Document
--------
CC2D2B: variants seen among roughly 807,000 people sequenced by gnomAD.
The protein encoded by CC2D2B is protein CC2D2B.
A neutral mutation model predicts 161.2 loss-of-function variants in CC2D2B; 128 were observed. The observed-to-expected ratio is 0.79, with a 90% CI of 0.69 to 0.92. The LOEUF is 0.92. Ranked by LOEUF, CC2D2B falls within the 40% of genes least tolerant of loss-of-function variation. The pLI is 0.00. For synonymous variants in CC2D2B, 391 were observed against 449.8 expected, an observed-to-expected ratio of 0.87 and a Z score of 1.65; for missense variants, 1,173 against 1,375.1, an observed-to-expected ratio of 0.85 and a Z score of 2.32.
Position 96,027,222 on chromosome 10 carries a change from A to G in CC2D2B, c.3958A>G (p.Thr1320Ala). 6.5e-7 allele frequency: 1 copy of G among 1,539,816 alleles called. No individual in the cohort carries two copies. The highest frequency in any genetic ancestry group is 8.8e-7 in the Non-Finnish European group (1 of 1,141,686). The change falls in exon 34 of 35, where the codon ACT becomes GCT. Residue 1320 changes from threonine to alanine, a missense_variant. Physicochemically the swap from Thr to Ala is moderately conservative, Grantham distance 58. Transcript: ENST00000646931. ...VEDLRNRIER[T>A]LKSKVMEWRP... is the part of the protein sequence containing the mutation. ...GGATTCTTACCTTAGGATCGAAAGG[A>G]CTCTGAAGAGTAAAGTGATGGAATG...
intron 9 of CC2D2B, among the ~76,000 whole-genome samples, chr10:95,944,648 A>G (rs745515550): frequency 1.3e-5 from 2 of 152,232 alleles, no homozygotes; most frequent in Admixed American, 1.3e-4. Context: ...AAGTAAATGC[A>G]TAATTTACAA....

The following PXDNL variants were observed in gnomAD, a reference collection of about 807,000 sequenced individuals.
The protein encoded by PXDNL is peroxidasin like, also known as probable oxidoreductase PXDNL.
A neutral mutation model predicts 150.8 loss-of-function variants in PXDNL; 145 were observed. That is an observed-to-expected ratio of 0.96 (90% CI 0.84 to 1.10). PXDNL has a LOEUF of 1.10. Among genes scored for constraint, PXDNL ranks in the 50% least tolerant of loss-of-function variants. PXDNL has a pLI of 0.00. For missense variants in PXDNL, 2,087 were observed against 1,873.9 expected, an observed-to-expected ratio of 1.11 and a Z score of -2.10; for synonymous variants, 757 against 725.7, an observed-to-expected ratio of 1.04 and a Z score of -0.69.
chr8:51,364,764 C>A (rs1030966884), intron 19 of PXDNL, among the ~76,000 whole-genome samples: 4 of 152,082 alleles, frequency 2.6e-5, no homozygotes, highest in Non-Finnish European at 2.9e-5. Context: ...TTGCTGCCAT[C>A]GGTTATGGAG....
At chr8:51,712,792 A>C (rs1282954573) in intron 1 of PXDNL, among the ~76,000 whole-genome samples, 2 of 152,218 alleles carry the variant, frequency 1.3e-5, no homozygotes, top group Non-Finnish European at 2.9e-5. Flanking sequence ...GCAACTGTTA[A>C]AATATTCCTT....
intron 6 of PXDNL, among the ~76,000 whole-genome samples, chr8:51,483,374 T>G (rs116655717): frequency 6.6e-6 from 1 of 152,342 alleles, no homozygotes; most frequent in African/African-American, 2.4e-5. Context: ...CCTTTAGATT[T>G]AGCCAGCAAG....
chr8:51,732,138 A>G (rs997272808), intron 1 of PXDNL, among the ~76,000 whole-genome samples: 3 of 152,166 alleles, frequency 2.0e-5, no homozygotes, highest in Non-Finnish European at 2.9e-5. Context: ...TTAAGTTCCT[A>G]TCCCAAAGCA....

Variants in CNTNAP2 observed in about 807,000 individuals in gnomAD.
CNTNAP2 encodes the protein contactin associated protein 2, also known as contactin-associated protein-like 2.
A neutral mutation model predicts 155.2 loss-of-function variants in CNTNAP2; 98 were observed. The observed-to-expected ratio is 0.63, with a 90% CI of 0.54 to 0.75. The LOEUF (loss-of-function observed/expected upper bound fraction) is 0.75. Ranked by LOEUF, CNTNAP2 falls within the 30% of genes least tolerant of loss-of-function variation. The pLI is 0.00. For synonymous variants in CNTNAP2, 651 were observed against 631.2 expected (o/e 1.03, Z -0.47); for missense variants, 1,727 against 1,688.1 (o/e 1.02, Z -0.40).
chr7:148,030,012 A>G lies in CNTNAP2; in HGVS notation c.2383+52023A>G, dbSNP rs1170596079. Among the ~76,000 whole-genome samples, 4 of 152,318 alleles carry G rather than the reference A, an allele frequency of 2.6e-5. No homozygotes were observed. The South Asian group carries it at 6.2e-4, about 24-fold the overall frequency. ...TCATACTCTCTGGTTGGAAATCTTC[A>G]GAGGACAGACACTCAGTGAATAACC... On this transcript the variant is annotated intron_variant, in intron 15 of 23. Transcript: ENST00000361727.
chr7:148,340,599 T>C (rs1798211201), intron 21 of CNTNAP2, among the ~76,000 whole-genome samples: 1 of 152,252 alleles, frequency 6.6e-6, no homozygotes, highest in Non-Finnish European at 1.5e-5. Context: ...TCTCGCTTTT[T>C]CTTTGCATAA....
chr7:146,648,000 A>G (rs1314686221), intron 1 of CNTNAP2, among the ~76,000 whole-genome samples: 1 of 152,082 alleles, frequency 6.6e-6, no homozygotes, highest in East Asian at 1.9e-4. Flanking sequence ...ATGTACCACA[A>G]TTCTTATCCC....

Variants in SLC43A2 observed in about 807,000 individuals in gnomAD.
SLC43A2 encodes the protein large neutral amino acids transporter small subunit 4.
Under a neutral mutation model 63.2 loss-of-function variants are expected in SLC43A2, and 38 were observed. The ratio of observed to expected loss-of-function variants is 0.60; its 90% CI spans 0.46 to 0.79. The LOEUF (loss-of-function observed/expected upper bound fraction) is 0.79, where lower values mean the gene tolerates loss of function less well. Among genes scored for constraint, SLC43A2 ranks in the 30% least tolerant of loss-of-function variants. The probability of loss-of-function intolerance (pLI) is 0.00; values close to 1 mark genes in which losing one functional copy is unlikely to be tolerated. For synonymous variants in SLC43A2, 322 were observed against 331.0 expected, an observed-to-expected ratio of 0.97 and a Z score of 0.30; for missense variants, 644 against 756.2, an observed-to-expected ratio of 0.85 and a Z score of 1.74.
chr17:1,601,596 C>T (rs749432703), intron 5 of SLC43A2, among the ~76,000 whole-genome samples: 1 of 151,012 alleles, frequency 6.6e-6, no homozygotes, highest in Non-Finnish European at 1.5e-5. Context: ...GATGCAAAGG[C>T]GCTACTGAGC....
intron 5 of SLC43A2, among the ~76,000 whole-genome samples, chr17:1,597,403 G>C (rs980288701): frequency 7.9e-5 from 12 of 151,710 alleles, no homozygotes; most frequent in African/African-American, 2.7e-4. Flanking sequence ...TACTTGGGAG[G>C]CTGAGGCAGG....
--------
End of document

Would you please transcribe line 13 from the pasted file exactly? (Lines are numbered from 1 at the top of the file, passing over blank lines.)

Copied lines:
Variants in CNTNAP2 observed in about 807,000 individuals in gnomAD.